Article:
While every situation is different, most people see results from using a vitamin C serum within three months.

Whether you're noticing a brighter complexion, plumper skin or improvements in hyperpigmentation, vitamin C can work wonders quite quickly!

Using vitamin C serums with sunscreen

Pairing a vitamin C product with sunscreen is a recipe for success as it helps boost the effectiveness of your skin's sun defence capabilities!

In fact, research has shown that the combination of SPF and vitamin C products helps protect the skin from photodamage caused by UV rays.

How to use vitamin C serum and retinol

Previously, experts believed that we should adamantly avoid using vitamin C products alongside retinoids, but now, the science is a little blurrier.

Retinoids and retinol are both vitamin A derivatives that encourage the turnover of skin cells, which can sometimes be counterproductive for your skin if you're also using an antioxidant-rich vitamin C serum.

The truth is that they are both powerful pillars of skincare, but today, skincare experts believe they should be kept separate, and if they are to be used, they should be slathered on at different points in the day.

Generally, vitamin C products should be used in the morning and retinoids at night. This helps lower the risk of irritation caused by using the products one after the other.

How to use vitamin C serums and hyaluronic acid

While mixing potent skincare products is often frowned upon, using hyaluronic acid with topical vitamin C can create the perfect environment for healthy skin.

In fact, mixing L-ascorbic acid with hyaluronic acid can visibly reduce the appearance of wrinkles and improve the radiance and texture of skin.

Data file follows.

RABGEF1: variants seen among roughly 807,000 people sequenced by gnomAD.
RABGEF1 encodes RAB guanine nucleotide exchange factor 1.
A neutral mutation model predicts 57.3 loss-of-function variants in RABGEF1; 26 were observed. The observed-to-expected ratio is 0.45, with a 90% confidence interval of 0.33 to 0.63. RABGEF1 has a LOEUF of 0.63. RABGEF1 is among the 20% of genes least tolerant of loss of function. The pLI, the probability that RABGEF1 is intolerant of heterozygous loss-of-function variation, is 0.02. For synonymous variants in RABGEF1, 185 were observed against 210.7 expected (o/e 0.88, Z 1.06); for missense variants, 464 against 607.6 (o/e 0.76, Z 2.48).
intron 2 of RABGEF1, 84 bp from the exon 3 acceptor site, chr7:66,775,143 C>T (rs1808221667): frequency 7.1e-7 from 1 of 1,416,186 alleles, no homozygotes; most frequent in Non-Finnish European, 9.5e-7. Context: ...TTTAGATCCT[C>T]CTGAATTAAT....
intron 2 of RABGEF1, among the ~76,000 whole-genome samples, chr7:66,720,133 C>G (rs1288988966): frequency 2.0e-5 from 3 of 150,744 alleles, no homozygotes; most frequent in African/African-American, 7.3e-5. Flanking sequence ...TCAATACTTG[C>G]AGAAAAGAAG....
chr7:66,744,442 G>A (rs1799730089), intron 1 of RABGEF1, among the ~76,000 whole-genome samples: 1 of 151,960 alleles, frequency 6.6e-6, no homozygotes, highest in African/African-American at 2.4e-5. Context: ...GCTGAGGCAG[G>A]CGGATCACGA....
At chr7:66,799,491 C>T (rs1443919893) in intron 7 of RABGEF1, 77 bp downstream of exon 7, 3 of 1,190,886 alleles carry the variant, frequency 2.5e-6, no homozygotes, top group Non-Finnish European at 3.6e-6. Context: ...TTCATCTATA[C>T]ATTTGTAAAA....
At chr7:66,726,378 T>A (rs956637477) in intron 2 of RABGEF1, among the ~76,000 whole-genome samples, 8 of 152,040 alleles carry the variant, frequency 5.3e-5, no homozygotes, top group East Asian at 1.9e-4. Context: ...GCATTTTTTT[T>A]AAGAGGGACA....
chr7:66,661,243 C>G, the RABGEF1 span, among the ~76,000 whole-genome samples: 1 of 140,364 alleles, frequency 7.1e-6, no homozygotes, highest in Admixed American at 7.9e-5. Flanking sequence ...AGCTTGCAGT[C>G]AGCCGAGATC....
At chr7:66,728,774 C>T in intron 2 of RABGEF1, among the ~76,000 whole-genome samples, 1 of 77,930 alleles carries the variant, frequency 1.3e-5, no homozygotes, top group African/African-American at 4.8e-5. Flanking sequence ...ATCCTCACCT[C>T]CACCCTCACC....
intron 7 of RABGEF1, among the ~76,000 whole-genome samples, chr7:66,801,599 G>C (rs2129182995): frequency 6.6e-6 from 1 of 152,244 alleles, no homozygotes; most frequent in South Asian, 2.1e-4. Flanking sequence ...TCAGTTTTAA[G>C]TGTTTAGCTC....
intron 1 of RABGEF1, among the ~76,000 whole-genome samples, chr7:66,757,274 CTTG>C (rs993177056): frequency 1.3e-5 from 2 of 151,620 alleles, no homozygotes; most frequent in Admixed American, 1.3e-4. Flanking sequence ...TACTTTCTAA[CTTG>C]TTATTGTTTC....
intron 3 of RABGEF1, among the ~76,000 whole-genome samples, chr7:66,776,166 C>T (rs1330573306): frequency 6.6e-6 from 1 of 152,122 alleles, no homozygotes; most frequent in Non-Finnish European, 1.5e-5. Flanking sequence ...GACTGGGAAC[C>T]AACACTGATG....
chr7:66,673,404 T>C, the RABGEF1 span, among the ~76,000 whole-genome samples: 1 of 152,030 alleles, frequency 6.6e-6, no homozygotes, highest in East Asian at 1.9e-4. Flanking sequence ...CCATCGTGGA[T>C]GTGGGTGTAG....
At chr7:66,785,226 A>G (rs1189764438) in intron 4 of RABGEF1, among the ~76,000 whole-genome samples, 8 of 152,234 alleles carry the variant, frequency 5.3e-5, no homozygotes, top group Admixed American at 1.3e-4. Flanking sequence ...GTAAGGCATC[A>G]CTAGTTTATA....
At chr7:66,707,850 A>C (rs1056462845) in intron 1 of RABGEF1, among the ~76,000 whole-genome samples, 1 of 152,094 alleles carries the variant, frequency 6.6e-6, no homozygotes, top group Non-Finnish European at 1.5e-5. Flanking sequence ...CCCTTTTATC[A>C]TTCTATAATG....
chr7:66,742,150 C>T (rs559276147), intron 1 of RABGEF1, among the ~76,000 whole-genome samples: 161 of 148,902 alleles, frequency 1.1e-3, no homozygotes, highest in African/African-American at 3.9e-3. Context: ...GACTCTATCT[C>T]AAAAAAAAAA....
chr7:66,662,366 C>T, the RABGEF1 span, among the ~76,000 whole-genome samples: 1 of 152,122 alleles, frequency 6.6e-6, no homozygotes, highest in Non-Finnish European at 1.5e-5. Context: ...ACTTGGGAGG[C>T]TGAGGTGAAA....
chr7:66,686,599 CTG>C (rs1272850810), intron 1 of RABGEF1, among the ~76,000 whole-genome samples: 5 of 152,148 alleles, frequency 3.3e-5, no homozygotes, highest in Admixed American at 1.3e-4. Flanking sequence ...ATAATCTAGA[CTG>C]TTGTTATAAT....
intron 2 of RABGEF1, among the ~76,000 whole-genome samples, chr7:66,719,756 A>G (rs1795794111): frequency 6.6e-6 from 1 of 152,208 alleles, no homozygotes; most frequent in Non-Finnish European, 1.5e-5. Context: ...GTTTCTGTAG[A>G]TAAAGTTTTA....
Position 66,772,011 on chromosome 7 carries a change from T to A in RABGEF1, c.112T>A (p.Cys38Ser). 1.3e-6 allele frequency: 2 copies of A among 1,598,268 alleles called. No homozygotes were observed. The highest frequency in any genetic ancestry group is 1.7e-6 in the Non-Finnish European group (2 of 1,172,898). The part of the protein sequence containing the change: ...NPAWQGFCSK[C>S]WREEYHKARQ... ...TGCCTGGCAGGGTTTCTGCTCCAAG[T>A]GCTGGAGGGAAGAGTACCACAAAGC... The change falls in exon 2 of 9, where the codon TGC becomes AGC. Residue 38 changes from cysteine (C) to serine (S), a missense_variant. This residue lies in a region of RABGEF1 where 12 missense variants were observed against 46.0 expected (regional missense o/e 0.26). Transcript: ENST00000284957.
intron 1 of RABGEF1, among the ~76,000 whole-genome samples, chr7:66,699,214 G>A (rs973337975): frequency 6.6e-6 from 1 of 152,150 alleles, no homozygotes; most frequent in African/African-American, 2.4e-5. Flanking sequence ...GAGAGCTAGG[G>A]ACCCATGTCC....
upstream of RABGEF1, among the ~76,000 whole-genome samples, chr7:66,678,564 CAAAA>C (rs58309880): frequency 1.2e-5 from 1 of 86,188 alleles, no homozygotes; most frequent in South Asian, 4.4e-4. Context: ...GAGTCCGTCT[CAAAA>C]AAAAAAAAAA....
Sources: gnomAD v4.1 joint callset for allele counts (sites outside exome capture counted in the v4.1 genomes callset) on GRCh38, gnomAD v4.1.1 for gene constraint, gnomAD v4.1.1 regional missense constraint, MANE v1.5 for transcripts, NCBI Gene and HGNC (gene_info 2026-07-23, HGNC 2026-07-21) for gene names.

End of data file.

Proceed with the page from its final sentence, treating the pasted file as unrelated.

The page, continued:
What other ingredients to avoid when using vitamin C serum?

Vitamin C is usually safe to use in most circumstances, but there are a few instances when it's best to avoid blending ingredients.

Vitamin C is an acid so it shouldn't be combined with other acids like alpha-hydroxy acids (AHAs) or beta-hydroxy acids (BHAs). These include salicylic acids and lactic and glycolic acids.

You'll also want to avoid using benzoyl peroxide and vitamin C at the same time as the former can oxidise the latter and make it less effective.

Can you use vitamin C serums while pregnant?

Vitamin C is not only safe for pregnant women to use, but it's also an incredibly potent addition to your skincare routine. The environmental and hormonal factors that affect your body during pregnancy benefit greatly from topical vitamin C.

If you're ready to dip your toe into the wonderful world of vitamin C serums, Software's Vitamin C + Ferulic Serum is a hardworking addition to your skincare routine and one that you'll start reaping the benefits from straight away.

No items found.
No items found.
No items found.
No items found.


1. Nathan, Neera; Patel, Payal. Why is topical vitamin C important for skin health?, Harvard Health Publishing, 2021.

2. Bilodeau, Kelly. Skin serum: What it can and can’t do, Harvard Health Publishing, 2018.

3. Gordon, Kerry. Everything you need to know about incorporating vitamin C into your skincare routine, MECCA, 2020.

4. Jacoby, Sarah; Traber Burns, Chelsea. What Does Vitamin C Do for Your Skin, Exactly?, SELF, 2022.

5. Dusang, Kaylee. Benefits of adding vitamin C to your skin care routine, Baylor College of Medicine, 2019.

6. Habib, Fatema. Ingredients you should never mix with vitamin C, Be Beautiful, 2020.

See all